Amy Haven ✞Finding Amy✞

First post: Dec 20, 2009 Latest post: Jun 11, 2020

Amy died.  After careful consideration and knowing that Amy had 2  unknown genes that cause Batten disease - Chad and I decided to have her autopsied. The night that she died, we were in touch with the team at Beth Israel Decentness Hospital at Harvard University. We followed Amy to the mortuary - I packed her in wet ice myself. At 6:30am I followed her to the pathologist office and they removed her brain taking only a small lock of her hair which they gave to me. Her brain went to the Airport and I came home alone. For three months we'd wait on the autopsy report and the findings of Amy's disease. She'd had whole exome - whole genome - all mt and nuclear DNA testing for mitochondrial disease and testing for Huntington's disease and all of the 'known' at that time Spinocerebellar CAG repeat diseases tested for. Nothing was found - but Amy died. She left us and she seizure to death.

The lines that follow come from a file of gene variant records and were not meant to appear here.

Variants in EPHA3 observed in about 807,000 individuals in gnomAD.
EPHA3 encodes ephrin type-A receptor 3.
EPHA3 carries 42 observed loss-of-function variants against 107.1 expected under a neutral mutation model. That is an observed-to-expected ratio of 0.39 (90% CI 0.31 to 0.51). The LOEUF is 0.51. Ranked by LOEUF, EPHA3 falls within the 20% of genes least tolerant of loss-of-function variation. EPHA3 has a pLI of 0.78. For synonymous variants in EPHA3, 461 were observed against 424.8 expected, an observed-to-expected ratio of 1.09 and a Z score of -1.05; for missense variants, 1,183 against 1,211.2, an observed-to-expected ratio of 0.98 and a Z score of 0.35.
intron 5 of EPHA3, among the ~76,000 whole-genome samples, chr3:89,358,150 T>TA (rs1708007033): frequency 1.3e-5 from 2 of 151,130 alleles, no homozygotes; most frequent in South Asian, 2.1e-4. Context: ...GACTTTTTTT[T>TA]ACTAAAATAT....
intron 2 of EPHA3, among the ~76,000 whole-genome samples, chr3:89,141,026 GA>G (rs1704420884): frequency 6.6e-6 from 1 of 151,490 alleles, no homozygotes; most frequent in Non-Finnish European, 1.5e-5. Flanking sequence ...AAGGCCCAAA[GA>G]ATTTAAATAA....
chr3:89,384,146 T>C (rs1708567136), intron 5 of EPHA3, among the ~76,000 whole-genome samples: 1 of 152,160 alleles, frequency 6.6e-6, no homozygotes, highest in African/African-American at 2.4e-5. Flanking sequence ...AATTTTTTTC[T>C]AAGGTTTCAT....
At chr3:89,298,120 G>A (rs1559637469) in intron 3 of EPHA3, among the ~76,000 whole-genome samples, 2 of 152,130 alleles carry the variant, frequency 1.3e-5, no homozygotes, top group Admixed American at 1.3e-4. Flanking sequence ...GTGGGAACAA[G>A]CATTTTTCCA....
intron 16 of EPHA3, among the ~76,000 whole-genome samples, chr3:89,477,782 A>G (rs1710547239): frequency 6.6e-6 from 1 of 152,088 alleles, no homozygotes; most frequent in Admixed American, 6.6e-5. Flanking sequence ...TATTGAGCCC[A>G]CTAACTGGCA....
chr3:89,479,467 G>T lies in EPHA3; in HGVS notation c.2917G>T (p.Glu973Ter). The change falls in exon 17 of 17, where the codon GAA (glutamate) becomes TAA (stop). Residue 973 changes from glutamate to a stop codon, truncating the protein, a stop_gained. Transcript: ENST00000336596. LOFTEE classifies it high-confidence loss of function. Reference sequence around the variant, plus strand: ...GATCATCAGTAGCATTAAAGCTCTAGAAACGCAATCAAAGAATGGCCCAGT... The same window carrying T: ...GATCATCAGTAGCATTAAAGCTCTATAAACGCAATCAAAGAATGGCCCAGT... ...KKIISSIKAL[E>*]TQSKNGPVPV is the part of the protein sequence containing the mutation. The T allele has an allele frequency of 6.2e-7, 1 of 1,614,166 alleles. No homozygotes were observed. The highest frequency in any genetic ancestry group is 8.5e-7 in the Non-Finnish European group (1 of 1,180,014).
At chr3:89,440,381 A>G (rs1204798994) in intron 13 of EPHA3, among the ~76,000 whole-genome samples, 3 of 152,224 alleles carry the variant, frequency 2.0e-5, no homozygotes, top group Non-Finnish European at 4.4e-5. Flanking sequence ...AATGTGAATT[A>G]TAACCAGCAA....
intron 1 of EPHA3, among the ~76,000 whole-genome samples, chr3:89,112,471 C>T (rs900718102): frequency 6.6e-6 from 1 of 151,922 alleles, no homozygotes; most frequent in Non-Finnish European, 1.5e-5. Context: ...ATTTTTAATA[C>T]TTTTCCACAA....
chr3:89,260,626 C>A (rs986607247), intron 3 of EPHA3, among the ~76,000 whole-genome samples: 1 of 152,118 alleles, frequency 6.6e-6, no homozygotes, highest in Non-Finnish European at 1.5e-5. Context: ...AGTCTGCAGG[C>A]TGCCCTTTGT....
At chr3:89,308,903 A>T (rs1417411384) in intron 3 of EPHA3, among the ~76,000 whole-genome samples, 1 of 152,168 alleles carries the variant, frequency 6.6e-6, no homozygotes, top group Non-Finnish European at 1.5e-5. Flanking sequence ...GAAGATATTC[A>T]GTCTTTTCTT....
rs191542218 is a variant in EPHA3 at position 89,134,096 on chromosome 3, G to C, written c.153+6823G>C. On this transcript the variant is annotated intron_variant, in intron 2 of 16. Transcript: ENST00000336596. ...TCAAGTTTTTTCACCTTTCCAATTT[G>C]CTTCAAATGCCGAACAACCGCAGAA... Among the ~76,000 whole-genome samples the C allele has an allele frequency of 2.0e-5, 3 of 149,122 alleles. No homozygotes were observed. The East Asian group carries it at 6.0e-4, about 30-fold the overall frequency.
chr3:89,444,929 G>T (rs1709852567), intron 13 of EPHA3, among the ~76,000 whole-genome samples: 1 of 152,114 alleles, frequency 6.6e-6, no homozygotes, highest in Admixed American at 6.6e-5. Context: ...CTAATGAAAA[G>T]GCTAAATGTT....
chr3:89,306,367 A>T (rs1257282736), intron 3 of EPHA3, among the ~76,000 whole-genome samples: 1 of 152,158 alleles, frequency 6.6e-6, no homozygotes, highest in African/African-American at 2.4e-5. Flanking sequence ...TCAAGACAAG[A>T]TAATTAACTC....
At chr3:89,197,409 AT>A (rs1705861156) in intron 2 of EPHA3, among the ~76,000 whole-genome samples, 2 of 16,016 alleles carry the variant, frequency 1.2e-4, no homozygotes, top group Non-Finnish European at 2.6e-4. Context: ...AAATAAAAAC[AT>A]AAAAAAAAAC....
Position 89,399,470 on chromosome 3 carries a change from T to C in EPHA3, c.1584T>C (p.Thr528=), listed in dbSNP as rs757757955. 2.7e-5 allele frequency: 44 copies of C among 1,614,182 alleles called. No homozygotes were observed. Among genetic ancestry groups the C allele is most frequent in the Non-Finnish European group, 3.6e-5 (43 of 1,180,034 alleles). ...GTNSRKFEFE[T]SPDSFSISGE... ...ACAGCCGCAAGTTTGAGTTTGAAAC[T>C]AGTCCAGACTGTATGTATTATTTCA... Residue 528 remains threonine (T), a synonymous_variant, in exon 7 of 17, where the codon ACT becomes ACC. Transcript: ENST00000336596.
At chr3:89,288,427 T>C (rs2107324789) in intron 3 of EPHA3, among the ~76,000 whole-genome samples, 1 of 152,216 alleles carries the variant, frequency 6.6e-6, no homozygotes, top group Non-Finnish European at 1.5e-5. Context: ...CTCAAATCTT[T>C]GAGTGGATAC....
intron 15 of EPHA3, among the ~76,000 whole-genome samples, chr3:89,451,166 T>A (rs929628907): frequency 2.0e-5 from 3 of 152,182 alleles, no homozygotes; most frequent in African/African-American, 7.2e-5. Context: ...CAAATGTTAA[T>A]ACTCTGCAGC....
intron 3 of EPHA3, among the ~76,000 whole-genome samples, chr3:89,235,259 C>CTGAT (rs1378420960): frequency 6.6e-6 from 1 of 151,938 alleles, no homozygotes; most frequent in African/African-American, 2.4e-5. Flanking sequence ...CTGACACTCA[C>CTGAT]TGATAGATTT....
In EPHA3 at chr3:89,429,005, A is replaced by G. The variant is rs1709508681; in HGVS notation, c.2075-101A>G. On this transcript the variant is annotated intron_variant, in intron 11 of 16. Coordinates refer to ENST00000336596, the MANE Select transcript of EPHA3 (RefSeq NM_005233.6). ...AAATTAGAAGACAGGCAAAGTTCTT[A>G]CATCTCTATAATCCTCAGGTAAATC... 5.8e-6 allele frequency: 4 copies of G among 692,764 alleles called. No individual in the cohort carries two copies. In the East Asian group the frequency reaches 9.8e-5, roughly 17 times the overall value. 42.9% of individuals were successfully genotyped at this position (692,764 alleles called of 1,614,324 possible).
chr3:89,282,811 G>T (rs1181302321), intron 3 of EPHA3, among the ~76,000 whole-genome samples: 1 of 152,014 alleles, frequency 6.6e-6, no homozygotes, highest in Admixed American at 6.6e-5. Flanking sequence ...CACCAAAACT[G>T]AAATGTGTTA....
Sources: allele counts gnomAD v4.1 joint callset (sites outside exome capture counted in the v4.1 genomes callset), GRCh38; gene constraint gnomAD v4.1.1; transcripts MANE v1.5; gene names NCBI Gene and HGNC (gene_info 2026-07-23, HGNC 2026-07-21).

The results of her autopsy and the neuro-pathological research and findings on Amy's brain are complete. Amy had severe Cerebellar disease - so severe in fact that her brainstem and pons were gone. The cerebellum was heavily damaged. This can be seen in diseases like Niemann Pick type C BUT the purkenje cells in NPC appear as though they were torpedoed. Amy's purkenje cells are gone. Her brain died. This is more commonly seen in Huntington's Disease or Huntington like Diseases. Amy's brain looked like what they would see in Spinocerebellar Ataxia type 1 or type 2. Very few know of these very rare diseases that are CAG repeat diseases and the best known CAG repeat disease is Huntington's disease.
We had to have this done. We had to know what killed our child. Knowing doesn't bring her back.